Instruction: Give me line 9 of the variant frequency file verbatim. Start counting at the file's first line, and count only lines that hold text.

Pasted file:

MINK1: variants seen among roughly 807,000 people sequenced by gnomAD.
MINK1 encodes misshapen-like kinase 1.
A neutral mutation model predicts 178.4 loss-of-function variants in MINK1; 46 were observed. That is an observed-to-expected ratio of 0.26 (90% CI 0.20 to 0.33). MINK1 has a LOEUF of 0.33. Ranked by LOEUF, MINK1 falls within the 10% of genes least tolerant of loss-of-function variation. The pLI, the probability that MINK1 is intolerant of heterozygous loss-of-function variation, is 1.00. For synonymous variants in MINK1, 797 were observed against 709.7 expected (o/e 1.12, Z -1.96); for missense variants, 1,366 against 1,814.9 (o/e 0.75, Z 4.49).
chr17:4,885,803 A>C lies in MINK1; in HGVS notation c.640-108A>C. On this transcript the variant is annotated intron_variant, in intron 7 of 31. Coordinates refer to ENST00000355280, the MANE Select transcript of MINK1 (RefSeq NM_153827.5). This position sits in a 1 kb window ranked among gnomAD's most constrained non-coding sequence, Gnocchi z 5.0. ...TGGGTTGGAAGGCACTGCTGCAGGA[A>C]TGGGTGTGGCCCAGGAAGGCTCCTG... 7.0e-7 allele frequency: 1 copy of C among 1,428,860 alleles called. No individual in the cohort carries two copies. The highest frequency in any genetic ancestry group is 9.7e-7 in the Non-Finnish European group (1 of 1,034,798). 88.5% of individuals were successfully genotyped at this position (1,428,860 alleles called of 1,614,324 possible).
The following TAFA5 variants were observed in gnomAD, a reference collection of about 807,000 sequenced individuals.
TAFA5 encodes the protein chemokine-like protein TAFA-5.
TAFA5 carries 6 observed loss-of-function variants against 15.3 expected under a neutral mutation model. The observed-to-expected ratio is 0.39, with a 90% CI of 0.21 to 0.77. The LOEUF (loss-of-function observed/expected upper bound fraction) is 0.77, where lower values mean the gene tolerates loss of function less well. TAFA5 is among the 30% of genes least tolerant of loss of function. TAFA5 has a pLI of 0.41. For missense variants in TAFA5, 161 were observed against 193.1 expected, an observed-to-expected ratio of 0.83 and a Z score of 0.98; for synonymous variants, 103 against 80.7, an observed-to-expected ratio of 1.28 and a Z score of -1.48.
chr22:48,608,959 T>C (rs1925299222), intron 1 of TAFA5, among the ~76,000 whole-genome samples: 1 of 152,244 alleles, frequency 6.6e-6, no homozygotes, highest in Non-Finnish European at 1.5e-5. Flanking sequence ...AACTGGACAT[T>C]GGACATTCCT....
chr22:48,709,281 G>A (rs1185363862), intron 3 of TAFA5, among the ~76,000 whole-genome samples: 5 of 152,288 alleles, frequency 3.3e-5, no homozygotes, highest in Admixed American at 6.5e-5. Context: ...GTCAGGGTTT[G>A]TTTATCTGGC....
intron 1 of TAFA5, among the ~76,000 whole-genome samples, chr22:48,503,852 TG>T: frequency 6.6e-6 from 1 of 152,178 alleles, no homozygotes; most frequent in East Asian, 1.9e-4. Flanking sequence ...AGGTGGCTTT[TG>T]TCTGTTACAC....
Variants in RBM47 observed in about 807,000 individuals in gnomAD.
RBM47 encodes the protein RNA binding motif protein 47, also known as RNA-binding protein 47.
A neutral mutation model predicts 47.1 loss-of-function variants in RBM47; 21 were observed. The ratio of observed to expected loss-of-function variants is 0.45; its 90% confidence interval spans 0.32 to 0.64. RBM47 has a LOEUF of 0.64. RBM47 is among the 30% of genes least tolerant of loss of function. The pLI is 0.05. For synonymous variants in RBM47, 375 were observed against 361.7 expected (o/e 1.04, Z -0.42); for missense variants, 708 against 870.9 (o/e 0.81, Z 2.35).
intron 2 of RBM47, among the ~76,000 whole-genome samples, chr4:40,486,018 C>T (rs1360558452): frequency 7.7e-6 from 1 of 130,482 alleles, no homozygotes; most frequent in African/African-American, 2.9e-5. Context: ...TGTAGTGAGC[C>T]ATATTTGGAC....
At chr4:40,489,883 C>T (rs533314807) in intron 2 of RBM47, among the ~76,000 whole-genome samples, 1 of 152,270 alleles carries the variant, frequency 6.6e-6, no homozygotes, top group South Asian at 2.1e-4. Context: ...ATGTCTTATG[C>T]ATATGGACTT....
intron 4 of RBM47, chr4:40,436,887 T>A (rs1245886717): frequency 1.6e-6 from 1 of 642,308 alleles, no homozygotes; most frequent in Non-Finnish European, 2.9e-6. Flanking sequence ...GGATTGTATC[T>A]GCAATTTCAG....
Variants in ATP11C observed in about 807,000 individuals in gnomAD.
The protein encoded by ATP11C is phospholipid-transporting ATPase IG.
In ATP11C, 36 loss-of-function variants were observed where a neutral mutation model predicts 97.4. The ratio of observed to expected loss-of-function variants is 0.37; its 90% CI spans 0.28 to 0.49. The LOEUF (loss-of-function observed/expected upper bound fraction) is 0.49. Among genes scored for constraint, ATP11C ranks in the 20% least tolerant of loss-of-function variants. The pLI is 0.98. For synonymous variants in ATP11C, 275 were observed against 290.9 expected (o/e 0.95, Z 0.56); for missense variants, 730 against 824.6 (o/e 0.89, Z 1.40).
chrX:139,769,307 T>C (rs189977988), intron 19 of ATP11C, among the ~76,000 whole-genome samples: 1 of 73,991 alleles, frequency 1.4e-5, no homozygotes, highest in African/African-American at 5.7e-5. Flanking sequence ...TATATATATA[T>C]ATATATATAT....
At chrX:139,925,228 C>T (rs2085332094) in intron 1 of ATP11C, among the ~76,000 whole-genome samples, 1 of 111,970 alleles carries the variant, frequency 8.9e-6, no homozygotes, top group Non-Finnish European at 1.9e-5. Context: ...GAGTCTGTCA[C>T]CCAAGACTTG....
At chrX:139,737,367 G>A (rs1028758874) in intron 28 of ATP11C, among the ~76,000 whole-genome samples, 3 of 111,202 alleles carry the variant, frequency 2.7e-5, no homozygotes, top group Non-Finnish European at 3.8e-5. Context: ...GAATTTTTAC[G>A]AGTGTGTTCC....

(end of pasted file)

chr22:48,709,281 G>A (rs1185363862), intron 3 of TAFA5, among the ~76,000 whole-genome samples: 5 of 152,288 alleles, frequency 3.3e-5, no homozygotes, highest in Admixed American at 6.5e-5. Context: ...GTCAGGGTTT[G>A]TTTATCTGGC....